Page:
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Fitness for children: How to inspire your kids to exercise

A report by the Egyptian Medical Association for the Study of Obesity conducted earlier this year spotlighted the problem of childhood obesity when it estimated that an alarming 15 percent of young Egyptian children are obese.

While much can be done in Physical Education departments in schools, parents are in the position to significantly improve their children's health through positively influencing lifestyle and eating habits. The challenge for you as parents is to convince your child to commit to 60 minute exercise sessions as an integral part of their daily routine. With an myriad of objections at your child’s disposal, here are a number of rebuttals especially designed to defeat your child’s inevitable stubbornness:

“I am a girl. I don’t play sports.”
Girls may think working out or joining a sports team is restricted to members of the opposite sex. Giving some credence to that thought, most physical education courses in schools are, in fact, suited for boys. But girls can find many activities, such as dancing or martial arts, that exist outside of school.

“It's not cool.”
Yeah. Try telling that to Michael Phelps, 14-time American gold medalist in swimming,  or Mohamed Abu-Treka, star Egyptian football player, or Maria Sharapova, three time grand slam winner in tennis. We may never be able to reach the top, but getting fitter means a healthier lifestyle and an increased sense of general well being. Tell your child that the people who tell them physical activity isn’t cool are usually the ones unable to ride a bike without falling off.

“I don’t want muscles.”
Whereas many boys aspire to the hulking Arnold Schwarzenegger, many girls aspire to the cadaverous Audrey Hepburn. It is true that you should not encourage heavy weightlifting before the child is fully grown because such activity could create hormonal imbalances that cause future problems. Full growth is generally achieved at the age of 18 years for women and 21 years for men.

Not all workout activities, however, promote significant muscles development. Bodybuilders and gym enthusiasts adhere to special programmes that include special activities and meals to increase muscle mass, so reassure your daughter that she isn’t in danger of bulking up.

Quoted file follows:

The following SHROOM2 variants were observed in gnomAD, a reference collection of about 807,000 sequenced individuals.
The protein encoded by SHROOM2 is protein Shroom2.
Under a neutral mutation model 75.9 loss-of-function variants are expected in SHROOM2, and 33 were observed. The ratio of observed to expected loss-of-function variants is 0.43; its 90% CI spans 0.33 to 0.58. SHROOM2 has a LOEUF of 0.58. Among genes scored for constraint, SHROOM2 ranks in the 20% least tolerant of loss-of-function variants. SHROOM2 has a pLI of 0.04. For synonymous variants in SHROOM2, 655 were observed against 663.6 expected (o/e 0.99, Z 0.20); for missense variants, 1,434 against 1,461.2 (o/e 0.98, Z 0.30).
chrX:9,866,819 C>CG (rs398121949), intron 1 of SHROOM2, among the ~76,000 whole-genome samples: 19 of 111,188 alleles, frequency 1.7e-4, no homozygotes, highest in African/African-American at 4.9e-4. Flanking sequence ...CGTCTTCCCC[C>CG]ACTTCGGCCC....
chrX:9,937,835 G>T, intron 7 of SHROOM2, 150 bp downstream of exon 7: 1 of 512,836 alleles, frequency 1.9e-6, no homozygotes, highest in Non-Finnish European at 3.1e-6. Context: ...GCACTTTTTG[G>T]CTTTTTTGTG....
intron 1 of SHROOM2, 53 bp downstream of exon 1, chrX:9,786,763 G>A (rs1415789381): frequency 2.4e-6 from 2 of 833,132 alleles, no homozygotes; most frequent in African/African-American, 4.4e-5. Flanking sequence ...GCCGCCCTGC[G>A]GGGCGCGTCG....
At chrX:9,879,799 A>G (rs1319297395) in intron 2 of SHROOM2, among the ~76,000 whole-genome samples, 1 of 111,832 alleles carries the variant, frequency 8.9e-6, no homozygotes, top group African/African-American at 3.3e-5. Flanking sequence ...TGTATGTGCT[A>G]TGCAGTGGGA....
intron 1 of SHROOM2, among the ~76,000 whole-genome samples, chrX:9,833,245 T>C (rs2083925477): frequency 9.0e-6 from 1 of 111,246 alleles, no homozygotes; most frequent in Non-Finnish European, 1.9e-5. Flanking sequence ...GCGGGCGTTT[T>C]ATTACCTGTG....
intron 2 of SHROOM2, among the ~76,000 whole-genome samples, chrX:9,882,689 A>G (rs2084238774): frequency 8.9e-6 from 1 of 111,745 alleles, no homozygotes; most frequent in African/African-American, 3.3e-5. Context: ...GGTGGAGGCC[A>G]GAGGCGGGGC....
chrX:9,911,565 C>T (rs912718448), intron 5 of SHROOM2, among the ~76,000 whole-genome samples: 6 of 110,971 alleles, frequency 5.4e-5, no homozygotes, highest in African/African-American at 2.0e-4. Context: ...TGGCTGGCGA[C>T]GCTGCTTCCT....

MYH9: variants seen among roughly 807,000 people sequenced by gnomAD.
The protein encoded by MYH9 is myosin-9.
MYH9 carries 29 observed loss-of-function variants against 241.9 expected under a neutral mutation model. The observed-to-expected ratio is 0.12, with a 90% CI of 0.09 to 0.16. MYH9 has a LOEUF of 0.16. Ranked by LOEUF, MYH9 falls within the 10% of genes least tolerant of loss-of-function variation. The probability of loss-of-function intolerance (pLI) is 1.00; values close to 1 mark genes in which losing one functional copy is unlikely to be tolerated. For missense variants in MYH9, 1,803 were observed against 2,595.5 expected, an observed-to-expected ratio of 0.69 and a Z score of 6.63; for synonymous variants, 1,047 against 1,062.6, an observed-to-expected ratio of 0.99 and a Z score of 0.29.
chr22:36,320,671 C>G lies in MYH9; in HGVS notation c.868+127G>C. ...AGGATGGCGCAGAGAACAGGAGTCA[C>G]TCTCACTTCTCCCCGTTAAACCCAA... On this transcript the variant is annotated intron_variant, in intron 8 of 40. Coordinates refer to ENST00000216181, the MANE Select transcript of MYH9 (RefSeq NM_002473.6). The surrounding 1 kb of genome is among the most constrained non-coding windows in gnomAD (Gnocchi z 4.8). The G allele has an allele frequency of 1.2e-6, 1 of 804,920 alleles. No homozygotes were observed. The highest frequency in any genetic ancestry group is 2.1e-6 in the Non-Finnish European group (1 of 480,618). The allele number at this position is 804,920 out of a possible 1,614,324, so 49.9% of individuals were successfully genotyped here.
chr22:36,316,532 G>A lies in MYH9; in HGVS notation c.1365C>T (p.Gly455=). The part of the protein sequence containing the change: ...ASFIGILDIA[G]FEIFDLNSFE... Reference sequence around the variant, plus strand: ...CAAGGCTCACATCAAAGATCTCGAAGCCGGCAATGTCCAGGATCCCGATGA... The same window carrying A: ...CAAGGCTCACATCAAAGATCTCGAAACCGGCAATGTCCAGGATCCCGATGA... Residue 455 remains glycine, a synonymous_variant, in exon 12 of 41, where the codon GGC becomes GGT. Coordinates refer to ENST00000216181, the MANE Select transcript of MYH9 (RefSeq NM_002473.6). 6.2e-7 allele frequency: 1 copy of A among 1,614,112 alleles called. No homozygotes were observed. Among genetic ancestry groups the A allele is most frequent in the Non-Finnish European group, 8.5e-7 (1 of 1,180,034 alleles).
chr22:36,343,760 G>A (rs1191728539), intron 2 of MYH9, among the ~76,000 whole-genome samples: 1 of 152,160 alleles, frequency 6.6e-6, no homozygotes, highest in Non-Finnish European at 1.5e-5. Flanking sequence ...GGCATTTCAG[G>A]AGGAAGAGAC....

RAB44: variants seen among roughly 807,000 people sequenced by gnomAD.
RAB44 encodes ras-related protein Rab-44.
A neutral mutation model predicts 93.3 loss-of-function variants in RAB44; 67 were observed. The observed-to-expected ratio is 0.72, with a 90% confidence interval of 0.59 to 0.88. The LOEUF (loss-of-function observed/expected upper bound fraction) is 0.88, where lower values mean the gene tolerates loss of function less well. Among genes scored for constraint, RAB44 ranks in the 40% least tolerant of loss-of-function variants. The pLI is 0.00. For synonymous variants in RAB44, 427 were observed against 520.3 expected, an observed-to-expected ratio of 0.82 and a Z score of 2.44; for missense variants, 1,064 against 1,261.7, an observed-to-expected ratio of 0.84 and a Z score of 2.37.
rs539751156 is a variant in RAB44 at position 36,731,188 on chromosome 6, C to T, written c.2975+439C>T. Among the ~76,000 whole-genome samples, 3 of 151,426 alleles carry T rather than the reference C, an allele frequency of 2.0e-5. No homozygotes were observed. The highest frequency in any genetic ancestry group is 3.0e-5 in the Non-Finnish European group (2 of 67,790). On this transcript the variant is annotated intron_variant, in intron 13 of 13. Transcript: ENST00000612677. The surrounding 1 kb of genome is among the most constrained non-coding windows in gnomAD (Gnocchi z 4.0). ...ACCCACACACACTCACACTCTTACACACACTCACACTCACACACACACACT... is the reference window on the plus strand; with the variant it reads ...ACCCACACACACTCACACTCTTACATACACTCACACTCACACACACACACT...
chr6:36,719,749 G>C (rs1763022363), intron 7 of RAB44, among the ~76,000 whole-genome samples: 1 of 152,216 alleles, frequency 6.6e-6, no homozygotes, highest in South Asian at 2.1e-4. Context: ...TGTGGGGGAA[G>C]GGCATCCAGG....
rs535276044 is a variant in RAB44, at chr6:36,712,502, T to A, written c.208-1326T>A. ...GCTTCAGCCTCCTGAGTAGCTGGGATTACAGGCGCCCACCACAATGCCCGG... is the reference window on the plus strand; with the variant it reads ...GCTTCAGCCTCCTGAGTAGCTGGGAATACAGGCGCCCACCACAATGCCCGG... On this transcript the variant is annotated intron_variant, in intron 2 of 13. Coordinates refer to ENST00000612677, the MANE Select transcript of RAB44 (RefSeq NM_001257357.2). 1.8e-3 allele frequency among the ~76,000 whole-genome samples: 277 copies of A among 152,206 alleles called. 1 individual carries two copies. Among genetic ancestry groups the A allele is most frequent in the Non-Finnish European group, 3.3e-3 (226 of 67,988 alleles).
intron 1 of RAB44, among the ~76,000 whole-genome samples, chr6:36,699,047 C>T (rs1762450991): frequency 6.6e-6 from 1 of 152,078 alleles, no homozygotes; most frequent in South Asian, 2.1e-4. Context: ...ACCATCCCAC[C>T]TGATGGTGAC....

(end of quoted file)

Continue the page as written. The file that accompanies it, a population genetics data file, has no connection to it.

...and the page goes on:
“I would rather play on my PlayStation 3. Thank you very much!”
It doesn’t have to be either/or. You can reward your child with an extra hour of video games if they agree to some physical activity.

“I don’t want to be part of a team.”
That might be a problem if you value fitness for its social aspect. However, pressuring your child to join a team will not resolve a child’s isolation and could compound it if they have no natural desire to participate. Encouraging your child to embrace a physical activity that they like, therefore, is paramount, and does not necessarily require the need to involve other playmates. Consider swimming, running or biking, for example.

Finally, you should monitor the program so as to reinforce positive aspects of the activity while finding ways to offset negatives aspects. Your child should focus on conducting activities of moderate intensity that cause them to work up a bit of sweat and get slightly out of breath. Putting too much stress on the child by demanding that they embrace something too demanding promotes future injuries and other problems.

Strong bones are one of the most important features of your child’s health, so at least twice a week, you should include some activities that build bone strength. Swimming and biking have a great impact on the health of your child’s bones because such activities require the child to lift their own body weight without applying stress on the bone to the point of breakage.

“You don’t do it! Why would I?”
Exasperated from your irrefutable claims, your child may then shout in your face and assert that your job as a role model leaves something to be desired. Your child is right. Your child needs to be inspired by your own example. So, take up the challenge. Be a family trailblazer, and light the way! At worst, your child will remain inactive, but at least your own health will benefit in the process.

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